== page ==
The purpose of this handbook is to help law enforcement officers better understand and meet the needs of victims of crime, particularly during the first response period. Specifically, this handbook addresses issues that arise during the initial contact between officers and victims. How law enforcement first responds to victims is critical in determining how victims cope, first with the immediate crisis and, later, with their recovery from the crime. In addition, the first response can strongly influence victims subsequent participation in the investigation and prosecution of the crime. Finally, victims who have had a positive experience with law enforcement will be more likely to report future offenses. In this way, a good first response to victims by officers ultimately increases the overall effectiveness of law enforcement.
Circumstances of the crime and the crime scene determine when and how the first responding officers are able to address victims and their needs. Each crime and crime scene are different and require officers to prioritize their performance of tasks. For example, if the crime is ongoing, or if the collection of evidence or investigation of the crime is extremely timesensitive, first responders may not be able to direct their immediate attention to victims. Once the most urgent or pressing tasks have been addressed, however, officers will then focus their attention on the victims and their needs. How the officers respond to victims, explain their competing law enforcement duties, and work with the victims is very important.
A handbook of this size cannot address every factor that may shape encounters between responding officers and crime victims. Some factors not addressed in this handbook include the different types of criminal victimization and the different characteristics among victims, such as cultural background, intelligence level, financial status, and perceptions of law enforcement. Additional training offered by law enforcement academies and in continuing education classes can teach first responders more about these victims issues and needs and how they impact the first response experience for both the officer and the victim.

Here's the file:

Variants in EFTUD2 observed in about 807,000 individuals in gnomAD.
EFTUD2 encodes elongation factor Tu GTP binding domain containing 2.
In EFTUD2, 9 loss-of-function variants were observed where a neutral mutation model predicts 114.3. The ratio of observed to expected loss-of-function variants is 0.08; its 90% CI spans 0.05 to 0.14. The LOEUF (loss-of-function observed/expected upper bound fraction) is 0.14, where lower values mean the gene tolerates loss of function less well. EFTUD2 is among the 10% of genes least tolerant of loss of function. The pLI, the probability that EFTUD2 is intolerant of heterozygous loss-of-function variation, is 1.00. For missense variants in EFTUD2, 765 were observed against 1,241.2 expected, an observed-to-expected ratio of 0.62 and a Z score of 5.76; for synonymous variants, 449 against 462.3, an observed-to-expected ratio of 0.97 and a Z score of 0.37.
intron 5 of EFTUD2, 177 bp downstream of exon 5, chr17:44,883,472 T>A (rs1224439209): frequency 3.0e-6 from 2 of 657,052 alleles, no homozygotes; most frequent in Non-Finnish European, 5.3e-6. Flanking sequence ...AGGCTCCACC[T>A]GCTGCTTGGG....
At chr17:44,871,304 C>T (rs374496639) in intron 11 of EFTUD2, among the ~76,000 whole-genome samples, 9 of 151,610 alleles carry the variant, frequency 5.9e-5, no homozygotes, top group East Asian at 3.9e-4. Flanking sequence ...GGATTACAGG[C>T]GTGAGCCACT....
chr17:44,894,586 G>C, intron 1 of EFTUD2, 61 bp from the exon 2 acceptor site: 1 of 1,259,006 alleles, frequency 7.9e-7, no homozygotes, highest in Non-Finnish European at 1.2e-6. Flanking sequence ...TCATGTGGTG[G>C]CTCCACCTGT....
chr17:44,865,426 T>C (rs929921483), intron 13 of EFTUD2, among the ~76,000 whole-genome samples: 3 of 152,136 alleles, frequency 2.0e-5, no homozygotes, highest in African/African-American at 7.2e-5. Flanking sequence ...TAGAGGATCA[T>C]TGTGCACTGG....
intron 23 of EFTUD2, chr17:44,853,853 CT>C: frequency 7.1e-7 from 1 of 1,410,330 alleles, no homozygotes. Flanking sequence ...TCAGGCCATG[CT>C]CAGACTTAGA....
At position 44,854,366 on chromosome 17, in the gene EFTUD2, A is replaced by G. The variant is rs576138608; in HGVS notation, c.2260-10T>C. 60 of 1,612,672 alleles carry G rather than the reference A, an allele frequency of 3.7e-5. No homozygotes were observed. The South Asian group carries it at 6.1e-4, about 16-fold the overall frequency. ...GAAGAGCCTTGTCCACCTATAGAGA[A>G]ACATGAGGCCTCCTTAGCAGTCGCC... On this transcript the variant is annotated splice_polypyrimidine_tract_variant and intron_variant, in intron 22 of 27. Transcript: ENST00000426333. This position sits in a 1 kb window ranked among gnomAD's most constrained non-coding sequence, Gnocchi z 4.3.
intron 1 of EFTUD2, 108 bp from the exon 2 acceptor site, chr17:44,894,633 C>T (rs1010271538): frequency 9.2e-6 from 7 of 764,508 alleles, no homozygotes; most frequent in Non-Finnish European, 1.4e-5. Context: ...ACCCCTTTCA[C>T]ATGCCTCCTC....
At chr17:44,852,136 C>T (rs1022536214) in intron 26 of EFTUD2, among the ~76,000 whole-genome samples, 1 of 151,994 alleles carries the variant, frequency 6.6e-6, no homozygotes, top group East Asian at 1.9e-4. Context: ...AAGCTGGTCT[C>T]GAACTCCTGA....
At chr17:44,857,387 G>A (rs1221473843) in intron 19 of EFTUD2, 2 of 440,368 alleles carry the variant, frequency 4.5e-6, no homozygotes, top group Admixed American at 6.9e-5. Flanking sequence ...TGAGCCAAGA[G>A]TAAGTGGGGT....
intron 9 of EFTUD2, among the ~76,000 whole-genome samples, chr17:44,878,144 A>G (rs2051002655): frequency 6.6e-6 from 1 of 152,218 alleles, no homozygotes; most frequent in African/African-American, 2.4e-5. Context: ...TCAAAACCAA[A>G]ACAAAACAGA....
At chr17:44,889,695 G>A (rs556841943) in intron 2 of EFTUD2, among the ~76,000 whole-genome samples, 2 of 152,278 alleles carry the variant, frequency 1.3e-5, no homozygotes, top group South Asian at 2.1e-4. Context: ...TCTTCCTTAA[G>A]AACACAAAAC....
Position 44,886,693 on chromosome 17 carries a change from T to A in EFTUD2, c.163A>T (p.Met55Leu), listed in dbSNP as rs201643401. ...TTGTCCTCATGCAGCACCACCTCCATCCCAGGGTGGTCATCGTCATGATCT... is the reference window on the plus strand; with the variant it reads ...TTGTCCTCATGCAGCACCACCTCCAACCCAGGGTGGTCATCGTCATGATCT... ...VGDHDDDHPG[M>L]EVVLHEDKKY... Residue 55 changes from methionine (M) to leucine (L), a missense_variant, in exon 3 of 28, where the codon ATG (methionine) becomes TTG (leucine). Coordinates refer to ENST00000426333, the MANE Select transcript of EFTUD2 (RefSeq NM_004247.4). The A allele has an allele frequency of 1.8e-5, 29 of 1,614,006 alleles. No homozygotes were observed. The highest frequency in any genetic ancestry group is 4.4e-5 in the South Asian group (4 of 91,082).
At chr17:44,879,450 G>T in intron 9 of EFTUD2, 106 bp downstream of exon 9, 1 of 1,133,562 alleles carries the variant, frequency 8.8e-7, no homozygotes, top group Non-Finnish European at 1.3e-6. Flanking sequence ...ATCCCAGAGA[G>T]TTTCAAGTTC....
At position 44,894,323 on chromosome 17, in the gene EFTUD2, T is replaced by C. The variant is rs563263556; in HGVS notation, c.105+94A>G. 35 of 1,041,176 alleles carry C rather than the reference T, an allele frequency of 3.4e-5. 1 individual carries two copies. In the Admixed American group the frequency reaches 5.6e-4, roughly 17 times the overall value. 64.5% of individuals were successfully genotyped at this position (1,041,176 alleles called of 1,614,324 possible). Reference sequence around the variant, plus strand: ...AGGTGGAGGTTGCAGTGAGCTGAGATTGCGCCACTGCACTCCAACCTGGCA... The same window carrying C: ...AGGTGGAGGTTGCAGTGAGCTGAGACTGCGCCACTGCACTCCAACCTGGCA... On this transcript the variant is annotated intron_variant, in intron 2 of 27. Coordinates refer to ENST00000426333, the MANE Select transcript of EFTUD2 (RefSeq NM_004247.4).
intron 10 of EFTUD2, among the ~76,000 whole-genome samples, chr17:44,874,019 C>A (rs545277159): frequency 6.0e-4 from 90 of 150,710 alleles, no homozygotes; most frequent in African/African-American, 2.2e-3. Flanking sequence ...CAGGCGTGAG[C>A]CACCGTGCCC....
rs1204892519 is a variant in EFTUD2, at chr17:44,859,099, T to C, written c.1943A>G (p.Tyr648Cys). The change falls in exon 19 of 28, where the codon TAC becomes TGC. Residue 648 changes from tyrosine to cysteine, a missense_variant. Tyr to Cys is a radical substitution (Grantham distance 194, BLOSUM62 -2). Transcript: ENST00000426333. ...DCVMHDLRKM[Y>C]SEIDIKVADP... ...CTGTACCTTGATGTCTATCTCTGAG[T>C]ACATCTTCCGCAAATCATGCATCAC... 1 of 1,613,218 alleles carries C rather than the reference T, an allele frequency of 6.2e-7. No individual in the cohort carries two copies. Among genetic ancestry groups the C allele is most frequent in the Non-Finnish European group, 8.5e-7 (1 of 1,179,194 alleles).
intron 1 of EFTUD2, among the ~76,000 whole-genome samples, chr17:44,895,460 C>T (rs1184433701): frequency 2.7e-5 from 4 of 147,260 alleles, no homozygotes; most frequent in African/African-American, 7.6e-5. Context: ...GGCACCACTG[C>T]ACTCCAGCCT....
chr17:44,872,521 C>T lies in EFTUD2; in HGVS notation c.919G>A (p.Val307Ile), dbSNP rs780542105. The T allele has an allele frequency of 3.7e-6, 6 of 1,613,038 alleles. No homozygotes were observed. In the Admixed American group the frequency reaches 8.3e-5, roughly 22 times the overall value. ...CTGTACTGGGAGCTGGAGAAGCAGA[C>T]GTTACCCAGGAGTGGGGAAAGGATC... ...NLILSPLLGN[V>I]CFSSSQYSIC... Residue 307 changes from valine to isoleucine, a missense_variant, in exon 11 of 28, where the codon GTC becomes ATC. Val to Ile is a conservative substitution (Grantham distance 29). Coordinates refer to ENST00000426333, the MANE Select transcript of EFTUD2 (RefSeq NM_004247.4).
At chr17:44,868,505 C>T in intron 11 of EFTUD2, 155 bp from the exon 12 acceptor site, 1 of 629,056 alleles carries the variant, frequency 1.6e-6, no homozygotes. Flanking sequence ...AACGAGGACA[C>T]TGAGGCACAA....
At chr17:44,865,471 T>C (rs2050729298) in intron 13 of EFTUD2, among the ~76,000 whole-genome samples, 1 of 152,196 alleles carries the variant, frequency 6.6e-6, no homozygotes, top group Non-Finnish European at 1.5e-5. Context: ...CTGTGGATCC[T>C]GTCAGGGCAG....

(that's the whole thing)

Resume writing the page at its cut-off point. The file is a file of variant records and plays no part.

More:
What this handbook offers law enforcement officers are basic guidelines to observe when approaching and interacting with six general categories of crime victims: elderly victims, sexual assault victims, child victims, domestic violence victims, victims of alcohol-related driving crashes, and survivors of homicide victims. Ideal for reminding officers of their earlier victim training and refreshing their perspective, awareness, and sensitivity toward victims, this handbook would be very useful for retraining officers in the inservice setting, at roll calls, and in recertification programs. Also, located in the back of the handbook is a list of national victim resources that includes hotlines and other toll-free numbers to help officers help victims find the resources they need to cope with and recover from their victimization. Placing a copy of this handbook with agency dispatchers would further serve victims of crime as they make telephone contact with law enforcement; the numbers and information would be a valuable resource that law enforcement personnel could share with victims. Finally, if a law enforcement agency is without written directives or orders about the proper handling of victims, the handbook could be used as a working model for developing a victim policy for the department.
This handbook is a reminder that every victim deserves to be treated with courtesy, respect, and fairness. When victims and law enforcement personnel work together and help each other, the effectiveness of the entire criminal justice system increases.
John W. Gillis